Cablegate: Somalia: Building Blocks for October 8 Briefing
DE RUEHC #4737 2802306
ZNR UUUUU ZZH
O 072246Z OCT 09
FM SECSTATE WASHDC
TO USMISSION USUN NEW YORK IMMEDIATE 0000
INFO UN SECURITY COUNCIL COLLECTIVE IMMEDIATE
UNCLAS STATE 104737
E.O. 12958: N/A
TAGS: UNSC PREL PHUM PHSA EWWT KCRM SO XA XW
SUBJECT: SOMALIA: BUILDING BLOCKS FOR OCTOBER 8 BRIEFING
1. Action Request: USUN should draw from the building
blocks in paragraph 2 below in drafting the statement for the
UN Security Council briefing on Somalia on October 8, 2009.
2. Begin building blocks:
Thank you, Mr. President. I would like to begin by
thanking Special Representative Ould-Abdallah for his
continued dedication in monitoring and reporting on the
situation in Somalia.
Security Situation/Insurgent Attacks
While the Transitional Federal Government (TFG) must
focus on long-term governance issues, it is clear that
Somalia,s immediate challenge remains the security
situation. Many of the other challenges Somalia faces stem
from or are exacerbated by the continuing insecurity in
Somalia, including the humanitarian crisis and piracy.
The United States strongly condemns the September 17
suicide attacks against the African Union Mission in Somalia
(AMISOM) headquarters which killed 21 people. The United
States was deeply saddened to learn of the deaths of members
of the AMISOM force resulting from this attack. On behalf of
the United States, I would like to express my condolences to
the Ugandan and Burundian people for those lost, and my hopes
for a quick recovery for those wounded in the attack.
Piracy is without question a symptom of, as well as a
contributing factor to, the instability and insecurity in
Somalia; without stability in Somalia, there can be no
durable resolution of the piracy problem. Not only must
efforts to combat piracy be strengthened and broadened in
scope, but efforts to stabilize Somalia must be significantly
increased to provide a long-term solution to the piracy
Despite the challenges it faces, the United States is
encouraged by the TFG,s institution-building initiatives.
We are strongly supportive of the High Level
Committee,s efforts to advance implementation of the
Djibouti Agreement, and welcome the TFG,s efforts to work
with the international community to address the issue of
insecurity through the Joint Security Committee.
Support for TFG and AMISOM
The international community has a stake in the survival
of the TFG and in the defeat of al-Shabaab and other
extremist groups, particularly those affiliated with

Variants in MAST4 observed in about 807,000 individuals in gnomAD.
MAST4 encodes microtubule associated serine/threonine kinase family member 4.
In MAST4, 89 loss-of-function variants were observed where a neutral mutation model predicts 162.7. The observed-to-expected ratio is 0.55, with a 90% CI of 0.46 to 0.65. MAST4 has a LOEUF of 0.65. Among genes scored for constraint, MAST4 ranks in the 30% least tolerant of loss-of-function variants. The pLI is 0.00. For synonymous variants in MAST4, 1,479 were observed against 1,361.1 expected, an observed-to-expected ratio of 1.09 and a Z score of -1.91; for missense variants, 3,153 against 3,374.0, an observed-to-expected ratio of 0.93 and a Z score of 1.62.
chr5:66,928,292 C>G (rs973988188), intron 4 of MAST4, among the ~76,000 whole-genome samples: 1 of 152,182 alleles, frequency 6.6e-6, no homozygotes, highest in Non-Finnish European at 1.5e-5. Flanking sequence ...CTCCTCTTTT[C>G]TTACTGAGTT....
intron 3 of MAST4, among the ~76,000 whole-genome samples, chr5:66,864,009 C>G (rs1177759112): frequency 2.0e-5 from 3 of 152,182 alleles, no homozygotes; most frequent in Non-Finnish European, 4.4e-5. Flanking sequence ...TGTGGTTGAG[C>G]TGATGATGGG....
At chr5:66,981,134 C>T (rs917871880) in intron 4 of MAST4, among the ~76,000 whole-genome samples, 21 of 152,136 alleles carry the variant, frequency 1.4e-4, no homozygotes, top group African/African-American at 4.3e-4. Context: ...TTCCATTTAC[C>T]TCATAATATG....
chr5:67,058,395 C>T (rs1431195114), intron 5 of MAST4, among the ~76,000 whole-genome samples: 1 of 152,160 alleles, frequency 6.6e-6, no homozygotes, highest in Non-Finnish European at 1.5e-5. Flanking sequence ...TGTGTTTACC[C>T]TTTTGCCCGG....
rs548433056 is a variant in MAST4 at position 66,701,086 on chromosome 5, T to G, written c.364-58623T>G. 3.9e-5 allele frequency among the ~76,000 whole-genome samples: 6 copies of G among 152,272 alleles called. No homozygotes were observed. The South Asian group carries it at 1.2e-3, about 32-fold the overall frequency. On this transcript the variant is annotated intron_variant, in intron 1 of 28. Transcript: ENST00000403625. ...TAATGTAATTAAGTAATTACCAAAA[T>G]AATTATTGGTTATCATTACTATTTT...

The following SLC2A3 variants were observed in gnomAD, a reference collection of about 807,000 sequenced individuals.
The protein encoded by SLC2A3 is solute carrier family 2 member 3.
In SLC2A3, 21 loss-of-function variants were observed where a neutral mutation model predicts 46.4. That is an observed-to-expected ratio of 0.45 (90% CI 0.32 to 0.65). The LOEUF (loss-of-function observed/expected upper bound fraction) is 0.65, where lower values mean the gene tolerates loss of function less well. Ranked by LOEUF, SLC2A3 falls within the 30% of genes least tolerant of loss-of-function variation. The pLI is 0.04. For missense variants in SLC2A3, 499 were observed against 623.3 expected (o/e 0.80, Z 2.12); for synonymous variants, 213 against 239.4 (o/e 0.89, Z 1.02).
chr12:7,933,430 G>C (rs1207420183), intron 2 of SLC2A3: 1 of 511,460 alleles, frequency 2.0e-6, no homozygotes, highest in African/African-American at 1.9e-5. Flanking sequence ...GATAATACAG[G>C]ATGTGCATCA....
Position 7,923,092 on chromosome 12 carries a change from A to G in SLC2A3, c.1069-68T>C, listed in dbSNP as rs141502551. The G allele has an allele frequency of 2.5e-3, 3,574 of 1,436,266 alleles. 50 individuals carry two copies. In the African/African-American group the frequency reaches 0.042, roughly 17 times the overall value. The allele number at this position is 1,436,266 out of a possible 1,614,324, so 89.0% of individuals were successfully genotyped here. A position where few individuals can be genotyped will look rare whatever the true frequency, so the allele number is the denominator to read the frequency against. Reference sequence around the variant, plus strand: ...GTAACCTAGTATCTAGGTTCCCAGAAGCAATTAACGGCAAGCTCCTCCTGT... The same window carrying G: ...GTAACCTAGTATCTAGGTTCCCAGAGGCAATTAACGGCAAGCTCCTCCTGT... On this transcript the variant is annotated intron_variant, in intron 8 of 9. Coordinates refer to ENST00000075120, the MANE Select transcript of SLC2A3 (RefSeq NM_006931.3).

Al-Qaida. Al-Shabaab and other extremists perpetuate
violence in an attempt to intimidate the Somali people into
submission, and imperil the TFG.
AMISOM,s personnel are to be commended for their
heroism and their spirit of sacrifice in their mission in the
cause of peace. The United States continues to be a strong
supporter of funding a logistical support package for AMISOM,
and will continue to provide equipment and training to AMISOM
Troop Contributing Countries. The United Nations Support
Office for AMISOM continues to provide critical supplies and
equipment to AMISOM troops. AMISOM is playing an important
role in Somalia, and the United States commends those nations
which have contributed thus far, especially Uganda and
We call on all donors to follow through on their
pledges made to the TFG and AMISOM at the international
donors conference in April, six months ago.
The security situation in Somalia is contributing to
the worsening humanitarian situation, a trend which we cannot
condone or accept. The ongoing violence imperils the
delivery of critical food and other humanitarian aid to the
3.8 million Somalis who require assistance.
Ongoing violence is also contributing to the growing
refugee influx into Kenya, with some 300,000 Somali refugees
now dangerously crowded into camps originally designed for
90,000. The USG, in concert with UNHCR and other donors, has
urged the Government of Kenya to allocate additional land for
Somali refugee camps.
The United States denounces the violence against
humanitarian agencies and staff, which jeopardizes the
mission of these groups to provide aid intended for
vulnerable groups such as women and children. We also call
for the immediate and unconditional release of those aid
workers still held by armed groups in Somalia.
Humanitarian access in Somalia is very much constrained
by security, and even piracy. The United States remains the
largest bilateral donor of humanitarian assistance to
Somalia, having provided more than $150 million in food and
non-food emergency assistance this past fiscal year. We urge
the international community to contribute to the Consolidated
Appeal for Somalia.
We condemn those that seek to divert or prevent aid
from reaching the Somali people that need it most, and
support the United Nations, efforts to ensure that
assistance reaches those for whom it intended.
In particular, we are deeply concerned about reports of
diversion by al-Shabaab, which not only hurts the people of
Somalia but strengthens al-Shabaab in its war against the
TFG. Based on these reports, we reviewed our emergency
programs to make sure that we are doing everything we can to
help the people of Somalia and prevent diversions.
Our review concluded that our standing policy that
prohibits assistance from going to al Shabaab is appropriate,
and that our implementing partners should exercise increased
due diligence to avoid diversions in Somalia.
Eritrea and Outside Actors
The United States remains deeply concerned about
Eritrea,s destabilizing actions in the region. The
detrimental effects of its actions are clearly observed in
Somalia. The Somalia Sanctions Committee,s Monitoring Group
has reported that Eritrea has provided political, financial,
and military support to armed opposition groups in Somalia.
We remain willing to engage the Eritrean government
should it stop destabilizing the Horn of Africa.
Thank You, Mr. President.